The International Space Station got its orbit reboosted on Wednesday, Aug. 9, 2017. The slight raising of its orbit set up the next crew swap planned for the beginning of September.
Recently arrived Progress MS-06 used its onboard engines to increase the speed of the outpost, thus raising its orbit. The spacecraft is currently docked to the Zvezda service module located at the aft end of the station.
The boost aligns the space station's orbit to allow for a Sept. 2, 2017, landing of Soyuz MS-04. The spacecraft will undock and land on Earth with Russian cosmonaut Fyodor Yurchikhin and NASA astronauts Peggy Whitson and Jack Fischer. The trio will land several hours later in Kazakhstan.
Yuchikhin and Fischer have been in space since April 20, 2017, while Whitson has been in orbit since November 2016.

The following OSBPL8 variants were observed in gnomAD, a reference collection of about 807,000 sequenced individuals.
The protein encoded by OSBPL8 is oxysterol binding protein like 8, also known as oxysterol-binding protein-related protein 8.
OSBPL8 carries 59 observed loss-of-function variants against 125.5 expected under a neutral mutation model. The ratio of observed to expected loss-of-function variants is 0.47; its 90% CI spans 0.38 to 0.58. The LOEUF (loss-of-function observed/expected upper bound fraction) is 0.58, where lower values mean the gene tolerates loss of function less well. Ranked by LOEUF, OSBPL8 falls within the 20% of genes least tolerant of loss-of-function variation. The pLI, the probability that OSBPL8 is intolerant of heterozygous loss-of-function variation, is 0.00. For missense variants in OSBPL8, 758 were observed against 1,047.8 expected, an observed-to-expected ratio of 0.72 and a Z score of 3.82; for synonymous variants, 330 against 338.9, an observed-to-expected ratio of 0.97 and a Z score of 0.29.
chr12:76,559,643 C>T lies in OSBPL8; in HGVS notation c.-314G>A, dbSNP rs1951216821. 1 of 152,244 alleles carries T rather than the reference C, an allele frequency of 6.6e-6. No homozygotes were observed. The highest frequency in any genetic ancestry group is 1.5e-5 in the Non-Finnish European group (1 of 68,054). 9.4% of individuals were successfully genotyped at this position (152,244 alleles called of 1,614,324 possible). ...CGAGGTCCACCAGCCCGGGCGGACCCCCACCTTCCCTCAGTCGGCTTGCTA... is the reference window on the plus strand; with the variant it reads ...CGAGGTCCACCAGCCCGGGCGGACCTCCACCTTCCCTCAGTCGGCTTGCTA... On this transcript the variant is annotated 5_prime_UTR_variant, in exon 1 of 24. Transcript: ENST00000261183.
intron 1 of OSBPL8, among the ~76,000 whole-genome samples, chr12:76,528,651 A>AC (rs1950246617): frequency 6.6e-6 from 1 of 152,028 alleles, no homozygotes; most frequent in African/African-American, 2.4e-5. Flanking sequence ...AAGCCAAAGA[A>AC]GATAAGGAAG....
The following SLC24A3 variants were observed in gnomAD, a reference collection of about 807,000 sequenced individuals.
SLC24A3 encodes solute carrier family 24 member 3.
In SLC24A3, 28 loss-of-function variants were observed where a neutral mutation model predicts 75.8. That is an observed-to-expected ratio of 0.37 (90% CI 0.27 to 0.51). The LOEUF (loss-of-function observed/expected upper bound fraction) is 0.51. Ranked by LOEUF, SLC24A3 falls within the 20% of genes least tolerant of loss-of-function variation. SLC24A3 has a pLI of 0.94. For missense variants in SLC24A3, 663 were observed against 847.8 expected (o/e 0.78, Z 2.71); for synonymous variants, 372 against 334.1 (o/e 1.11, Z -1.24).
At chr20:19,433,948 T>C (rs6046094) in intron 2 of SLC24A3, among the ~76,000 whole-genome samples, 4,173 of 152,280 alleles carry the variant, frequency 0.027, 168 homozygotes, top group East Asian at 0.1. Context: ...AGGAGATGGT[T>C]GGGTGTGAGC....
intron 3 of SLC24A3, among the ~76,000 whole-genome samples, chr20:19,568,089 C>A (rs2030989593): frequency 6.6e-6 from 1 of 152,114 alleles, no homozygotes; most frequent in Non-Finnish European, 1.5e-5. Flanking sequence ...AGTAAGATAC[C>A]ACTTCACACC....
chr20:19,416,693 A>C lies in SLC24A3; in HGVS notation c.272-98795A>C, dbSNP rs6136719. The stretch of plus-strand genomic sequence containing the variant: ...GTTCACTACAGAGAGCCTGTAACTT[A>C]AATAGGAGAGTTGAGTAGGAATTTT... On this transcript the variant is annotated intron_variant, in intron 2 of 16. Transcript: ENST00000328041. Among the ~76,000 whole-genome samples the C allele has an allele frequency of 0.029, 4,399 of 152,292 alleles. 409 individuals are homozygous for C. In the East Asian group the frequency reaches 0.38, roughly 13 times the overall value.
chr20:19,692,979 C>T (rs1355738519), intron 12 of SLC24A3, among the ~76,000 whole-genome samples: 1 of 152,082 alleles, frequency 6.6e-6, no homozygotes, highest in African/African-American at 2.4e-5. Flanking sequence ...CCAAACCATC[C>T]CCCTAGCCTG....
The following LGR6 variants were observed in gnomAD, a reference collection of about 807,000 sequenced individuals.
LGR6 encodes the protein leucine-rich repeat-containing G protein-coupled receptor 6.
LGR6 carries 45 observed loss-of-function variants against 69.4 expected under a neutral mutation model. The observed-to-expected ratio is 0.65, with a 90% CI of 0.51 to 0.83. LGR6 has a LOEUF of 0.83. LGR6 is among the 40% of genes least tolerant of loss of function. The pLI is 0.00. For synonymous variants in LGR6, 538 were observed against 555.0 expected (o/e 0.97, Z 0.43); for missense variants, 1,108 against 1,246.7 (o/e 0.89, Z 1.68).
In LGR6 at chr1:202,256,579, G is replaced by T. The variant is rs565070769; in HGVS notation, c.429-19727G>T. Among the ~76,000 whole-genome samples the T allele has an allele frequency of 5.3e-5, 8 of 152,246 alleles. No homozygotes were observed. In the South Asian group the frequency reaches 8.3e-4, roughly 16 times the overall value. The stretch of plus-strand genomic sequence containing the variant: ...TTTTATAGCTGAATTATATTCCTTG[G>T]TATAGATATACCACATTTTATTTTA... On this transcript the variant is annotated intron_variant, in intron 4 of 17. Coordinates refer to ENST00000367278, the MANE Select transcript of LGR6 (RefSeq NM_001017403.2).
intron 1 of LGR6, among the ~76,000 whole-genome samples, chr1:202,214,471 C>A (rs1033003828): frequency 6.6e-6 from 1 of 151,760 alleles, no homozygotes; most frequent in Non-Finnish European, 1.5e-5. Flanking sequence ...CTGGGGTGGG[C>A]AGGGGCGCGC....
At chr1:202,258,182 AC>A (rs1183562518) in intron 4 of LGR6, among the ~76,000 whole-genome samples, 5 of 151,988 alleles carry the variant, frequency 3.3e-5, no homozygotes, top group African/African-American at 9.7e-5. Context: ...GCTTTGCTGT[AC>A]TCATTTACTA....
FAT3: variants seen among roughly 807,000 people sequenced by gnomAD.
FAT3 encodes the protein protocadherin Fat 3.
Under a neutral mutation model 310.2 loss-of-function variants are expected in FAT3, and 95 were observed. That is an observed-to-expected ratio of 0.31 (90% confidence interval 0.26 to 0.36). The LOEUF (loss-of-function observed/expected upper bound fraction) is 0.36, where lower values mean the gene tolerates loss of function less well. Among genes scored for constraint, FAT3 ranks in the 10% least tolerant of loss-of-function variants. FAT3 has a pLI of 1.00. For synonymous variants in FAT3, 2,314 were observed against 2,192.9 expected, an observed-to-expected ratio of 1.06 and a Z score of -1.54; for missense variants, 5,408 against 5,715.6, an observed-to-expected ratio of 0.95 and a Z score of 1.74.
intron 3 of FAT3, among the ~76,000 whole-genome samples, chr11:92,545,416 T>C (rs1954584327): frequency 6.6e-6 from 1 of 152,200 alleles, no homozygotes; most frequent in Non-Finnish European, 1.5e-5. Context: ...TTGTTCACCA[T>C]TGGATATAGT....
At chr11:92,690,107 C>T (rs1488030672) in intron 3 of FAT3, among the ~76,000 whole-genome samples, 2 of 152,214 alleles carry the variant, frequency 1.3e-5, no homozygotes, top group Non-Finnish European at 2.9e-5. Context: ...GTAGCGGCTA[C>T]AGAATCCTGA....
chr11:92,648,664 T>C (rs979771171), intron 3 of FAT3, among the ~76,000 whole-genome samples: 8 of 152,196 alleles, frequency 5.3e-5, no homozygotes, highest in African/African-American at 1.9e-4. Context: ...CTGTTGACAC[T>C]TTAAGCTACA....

They will leave behind the crew of Soyuz MS-05, which includes European Space Agency astronaut Paolo Nespoli, NASA astronaut Randy Bresnik and Russian cosmonaut Sergey Ryazansky. That trio has been at the outpost since July 28, 2017.
Less than two weeks after landing, Soyuz MS-06 will launch with Russian cosmonaut Alexander Misurkin and NASA astronauts Mark Vande Hei andJoe Acaba. Liftoff is slated for Sept. 13, 2017. The trio is expected to spend 167 days at the outpost.
Before the crew lands and a new one arrives, however, SpaceX will be sending its CRS-12 Dragon capsule toward the ISS. The company is currently targeting 12:31 p.m. EDT (16:31 GMT) Aug. 14, 2017, to send the capsule into space atop a Falcon 9 rocket from Kennedy Space Center's Launch Complex 39A.
Right after that, on Aug. 17, 2017, Yurchikhin and Ryazanskiy will perform a spacewalk based out of the Russian segment of the ISS. The duo recently prepared their Russian Orlan suits by performing leak checks, installing batteries and fit checking them.